Huge Potential for Social Enterprises: Equity Crowdfunding

Posted admin Crowdfunding, Public Policy

Huge Potential for Social Enterprises: Equity Crowdfunding

By Tom Triplett, SEA-TC Board Member and Chair of the Public Policy Committee   

Tom Triplett

On October 23, the federal Securities and Exchange Commission (SEC) issued proposed rules on what is called “equity crowdfunding.”  When fully implemented in mid-2014, this new investment tool will provide a potentially huge source of start-up and expansion funding for social enterprises.

“Donor crowdfunding” got its big start with then-Senator Obama’s 2008 presidential campaign.  News media reported that by the end of the campaign, Obama’s internet funding efforts were generating $1 million per day in donations, with the average contribution less than $100.

More recently, major crowdfunding intermediaries like KickStarter, Indiegogo, and RocketHub have generated hundreds of millions for a broad range of start-up enterprises.  But instead of getting an equity position in the venture, donors only received swag like a t-shirt, a new band’s CD, or a copy of a new indie film.

All this is changing with the proposed new SEC rules.  What’s the biggest change?  Now “donors” can become “investors” in new enterprises.  Rather than the t-shirt, investors can receive an equity stake in the enterprise or in other cases become a lender.

President Obama signed the Jumpstart Our Business Startups Act (JOBS Act) in April, 2012.  The Act directed the SEC to adopt rules for the Act’s equity crowdfunding component by January, 2013.  The agency was delayed in issuing the rules largely because of their complexity and other rule-making tasks delegated to the agency – e.g. many provisions of the Dodd-Frank banking overhaul legislation.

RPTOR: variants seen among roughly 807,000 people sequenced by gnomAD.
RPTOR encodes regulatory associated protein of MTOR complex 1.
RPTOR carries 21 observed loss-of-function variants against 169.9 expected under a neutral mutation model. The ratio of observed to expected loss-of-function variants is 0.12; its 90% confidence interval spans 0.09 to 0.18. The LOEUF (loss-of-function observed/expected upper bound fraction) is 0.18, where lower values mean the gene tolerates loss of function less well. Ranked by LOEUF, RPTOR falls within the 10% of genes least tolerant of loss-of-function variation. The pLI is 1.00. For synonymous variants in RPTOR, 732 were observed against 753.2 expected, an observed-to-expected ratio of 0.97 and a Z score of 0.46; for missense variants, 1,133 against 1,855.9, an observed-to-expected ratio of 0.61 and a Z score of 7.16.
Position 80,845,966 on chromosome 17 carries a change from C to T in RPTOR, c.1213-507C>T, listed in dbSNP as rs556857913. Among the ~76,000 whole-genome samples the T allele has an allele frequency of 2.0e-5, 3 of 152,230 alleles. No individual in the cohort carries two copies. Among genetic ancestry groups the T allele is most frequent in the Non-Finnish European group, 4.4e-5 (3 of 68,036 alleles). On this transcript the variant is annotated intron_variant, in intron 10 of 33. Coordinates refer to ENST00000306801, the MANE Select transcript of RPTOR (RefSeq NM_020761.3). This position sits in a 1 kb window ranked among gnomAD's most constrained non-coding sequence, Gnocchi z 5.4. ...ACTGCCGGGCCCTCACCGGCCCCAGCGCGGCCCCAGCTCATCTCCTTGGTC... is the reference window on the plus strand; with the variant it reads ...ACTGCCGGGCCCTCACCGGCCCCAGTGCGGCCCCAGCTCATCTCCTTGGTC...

The new crowdfunding is not limited to social enterprises.  Any for-profit venture could attempt to generate equity funding through the new tool.  However, because crowdfunding seems to appeal to the type of individual likely interested in social-value-based enterprises, I anticipate that for-profit social enterprises will be big winners with this new financing tool.   

While many start-up enterprisers are undoubtedly salivating at the new funding tool, so are fraudsters.  Warning bells are already being wrung by consumer advocates.  AARP in its October-November magazine sees the new funding tool as one more way for fraudsters to scam its members.  AARP fears “con artists cold-calling with bogus offers from crowdfunded start-ups.”  Worst of all, from our perspective, would be a scammer claiming to be a social enterprise!

The SEC rules deal with the fraud potential in two primary ways.  First, lower income investors (with less than $100,000 in income/net worth) are limited to investing 5% of their net worth/income or $2,000, whichever is greater, in all such ventures in a given year.  For those with more than $100,000, the limit is 10%.  The enterprises themselves can raise no more than $1 million using the tool.

Second, the proposed rules require the use of intermediaries or registered brokers; the start-ups themselves cannot directly approach crowdfund investors.  The feds hope that intermediaries and the fees they charge enterprises will weed out the scammers.  Presumably, the KickStarter-type portals will rush to fill those intermediary roles, but hopefully more locally- and social-issue-based intermediaries will also seek to become approved intermediaries.

There are other limitations too.  For example, SEC-proposed background checks and other pre-solicitation requirements will impose up-front costs that may limit fraudsters (but also may inhibit legitimate enterprisers).

The proposed rules cover 592 pages (!) with the SEC asking for comment on 295 specific questions relating to the rules.  Undoubtedly the final rules will vary from the proposed ones. So, bottom line, equity crowdfunding is on its way, but the details are in flux and will be for some time yet.

See for background materials and for the proposed rule itself.


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